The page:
Grade Three

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The study of gardening and shelters around the world meets the students’ needs to relate correctly to how they will make it one day on their own.

Grade Three is typically a time when children go through profound neurological and psychological shifts that occur between nine and ten years of age. We refer to this time as the “nine-year change.” Adults may notice that the children are becoming more critical as well as beginning to test everyone and everything. This is a natural process as children begin to see that they will one day have to leave the parental nest and make their own way in the world. This developmental process is met in the curriculum by connecting students with the practical experiences of life such as building, farming, and gardening, in addition to continuation of general academic subjects.

The stories of the Hebrew people reflect the child’s psychological experience. Like Adam and Eve, the children are leaving the paradise of childhood behind and are having to go out into the world and discover how to live with other people and with the land.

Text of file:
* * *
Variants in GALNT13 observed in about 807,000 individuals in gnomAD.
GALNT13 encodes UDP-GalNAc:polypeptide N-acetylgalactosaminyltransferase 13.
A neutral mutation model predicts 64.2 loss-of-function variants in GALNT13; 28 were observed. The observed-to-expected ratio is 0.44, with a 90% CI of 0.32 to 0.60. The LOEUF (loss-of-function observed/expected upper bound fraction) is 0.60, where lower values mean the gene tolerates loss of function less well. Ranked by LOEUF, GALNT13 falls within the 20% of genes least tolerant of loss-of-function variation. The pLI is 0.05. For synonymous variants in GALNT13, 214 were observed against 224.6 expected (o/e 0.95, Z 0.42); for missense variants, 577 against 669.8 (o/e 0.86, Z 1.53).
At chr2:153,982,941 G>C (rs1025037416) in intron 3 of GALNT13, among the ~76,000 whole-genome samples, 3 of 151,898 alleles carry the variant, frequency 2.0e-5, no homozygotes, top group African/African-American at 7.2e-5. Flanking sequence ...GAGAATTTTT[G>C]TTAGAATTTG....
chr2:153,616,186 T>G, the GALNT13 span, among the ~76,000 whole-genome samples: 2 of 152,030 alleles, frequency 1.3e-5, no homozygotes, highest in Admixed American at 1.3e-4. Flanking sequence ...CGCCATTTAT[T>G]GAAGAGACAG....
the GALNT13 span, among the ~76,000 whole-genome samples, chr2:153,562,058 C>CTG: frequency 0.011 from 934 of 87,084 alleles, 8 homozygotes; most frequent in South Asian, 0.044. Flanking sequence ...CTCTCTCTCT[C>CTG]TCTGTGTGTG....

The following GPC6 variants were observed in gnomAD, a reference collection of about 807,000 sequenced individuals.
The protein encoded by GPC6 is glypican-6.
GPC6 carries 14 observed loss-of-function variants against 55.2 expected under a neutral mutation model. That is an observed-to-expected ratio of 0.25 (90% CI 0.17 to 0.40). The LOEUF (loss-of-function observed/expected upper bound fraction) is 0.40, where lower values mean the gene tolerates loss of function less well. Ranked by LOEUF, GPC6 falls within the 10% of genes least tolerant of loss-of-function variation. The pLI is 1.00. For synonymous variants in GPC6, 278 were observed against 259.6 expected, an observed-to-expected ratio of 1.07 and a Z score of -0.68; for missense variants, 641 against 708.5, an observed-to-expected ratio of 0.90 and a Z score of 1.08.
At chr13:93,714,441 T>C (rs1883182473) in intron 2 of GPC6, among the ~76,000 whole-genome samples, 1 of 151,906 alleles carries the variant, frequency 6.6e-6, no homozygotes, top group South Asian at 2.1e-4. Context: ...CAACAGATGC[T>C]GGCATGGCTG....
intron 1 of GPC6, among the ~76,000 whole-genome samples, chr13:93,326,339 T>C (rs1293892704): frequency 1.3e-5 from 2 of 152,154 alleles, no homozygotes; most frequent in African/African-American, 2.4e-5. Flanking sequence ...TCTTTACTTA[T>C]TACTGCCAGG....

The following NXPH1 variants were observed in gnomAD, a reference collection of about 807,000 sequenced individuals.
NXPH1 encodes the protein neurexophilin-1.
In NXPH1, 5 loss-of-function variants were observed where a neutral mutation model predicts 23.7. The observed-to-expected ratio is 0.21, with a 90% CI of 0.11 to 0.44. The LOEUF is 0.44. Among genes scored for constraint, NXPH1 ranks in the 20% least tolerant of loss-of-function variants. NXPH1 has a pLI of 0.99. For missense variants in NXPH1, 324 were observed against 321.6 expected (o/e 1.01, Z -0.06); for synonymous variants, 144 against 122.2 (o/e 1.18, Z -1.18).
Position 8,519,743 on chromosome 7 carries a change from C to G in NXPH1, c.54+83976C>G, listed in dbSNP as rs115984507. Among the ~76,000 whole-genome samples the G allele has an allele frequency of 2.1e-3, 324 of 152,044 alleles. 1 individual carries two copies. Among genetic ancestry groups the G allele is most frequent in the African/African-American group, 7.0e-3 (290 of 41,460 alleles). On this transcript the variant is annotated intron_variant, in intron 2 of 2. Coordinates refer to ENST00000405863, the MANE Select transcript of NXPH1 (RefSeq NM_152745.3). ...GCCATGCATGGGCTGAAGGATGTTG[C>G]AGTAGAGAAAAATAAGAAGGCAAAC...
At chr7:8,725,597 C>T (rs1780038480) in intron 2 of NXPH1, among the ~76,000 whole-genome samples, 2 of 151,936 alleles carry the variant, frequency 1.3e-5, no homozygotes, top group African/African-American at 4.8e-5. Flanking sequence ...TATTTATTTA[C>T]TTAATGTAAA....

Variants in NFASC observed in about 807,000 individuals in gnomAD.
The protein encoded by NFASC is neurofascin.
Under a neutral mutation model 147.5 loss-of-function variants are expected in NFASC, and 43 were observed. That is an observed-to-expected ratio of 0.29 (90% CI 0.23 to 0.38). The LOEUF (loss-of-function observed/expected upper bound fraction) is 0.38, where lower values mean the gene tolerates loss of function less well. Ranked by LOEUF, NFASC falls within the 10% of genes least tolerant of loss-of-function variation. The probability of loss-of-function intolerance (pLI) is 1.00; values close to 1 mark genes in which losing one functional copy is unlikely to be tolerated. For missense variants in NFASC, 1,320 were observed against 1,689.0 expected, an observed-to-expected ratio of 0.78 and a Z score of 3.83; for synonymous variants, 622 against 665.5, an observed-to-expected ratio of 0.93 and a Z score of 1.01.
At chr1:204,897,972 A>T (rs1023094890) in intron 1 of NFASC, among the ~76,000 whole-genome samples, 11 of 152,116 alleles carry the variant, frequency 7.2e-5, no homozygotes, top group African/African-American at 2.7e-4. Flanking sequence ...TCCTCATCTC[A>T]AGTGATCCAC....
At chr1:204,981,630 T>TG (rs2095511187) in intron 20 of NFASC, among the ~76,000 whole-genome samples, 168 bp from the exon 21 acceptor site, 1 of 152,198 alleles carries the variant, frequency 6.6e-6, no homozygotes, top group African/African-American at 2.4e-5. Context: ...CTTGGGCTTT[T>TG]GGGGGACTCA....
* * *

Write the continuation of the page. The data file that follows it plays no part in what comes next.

The study of gardening and shelters around the world meets the students’ needs to relate concretely to how they will make it one day on their own. Farming, gardening, food preparation, and house building are central themes of the curriculum and include planning and harvesting in the school garden; daily collection of compost buckets throughout the school to feed the garden; a visit to a working farm; and the study of shelter through the ages, around the world (influences of climate and environment on location and design of dwelling), usually including a small building project.

“Waldorf education enables young people to be in love with the world as the world should be loved.”

Marjorie Spock
Teaching as a Lively Art

Main Lessons

Language Arts

Literacy, basic elements of grammar, and introduction of cursive writing; arithmetic (long division and multiplication, adding and subtracting columns); measurement, time, and money; farming, gardening, and housebuilding; Hebrew stories and other folk tales; a possible class play related to the curriculum.


Taking measure of the world gives the children the confidence that they can manage it. They learn how to measure (from a day’s journey to a king’s thumb width, which became our “inch” measure), measuring length, width, weight and volume, charting time, and handling money.

Subject Lessons

Reading, two contrasting secondary languages (French and German), music (notation of rhythm and notes, singing and recorder, rounds), introduction to violin, eurythmy (a movement art) when possible, painting, knitting, crochet, games, form and geometric drawing, farming, and gardening.

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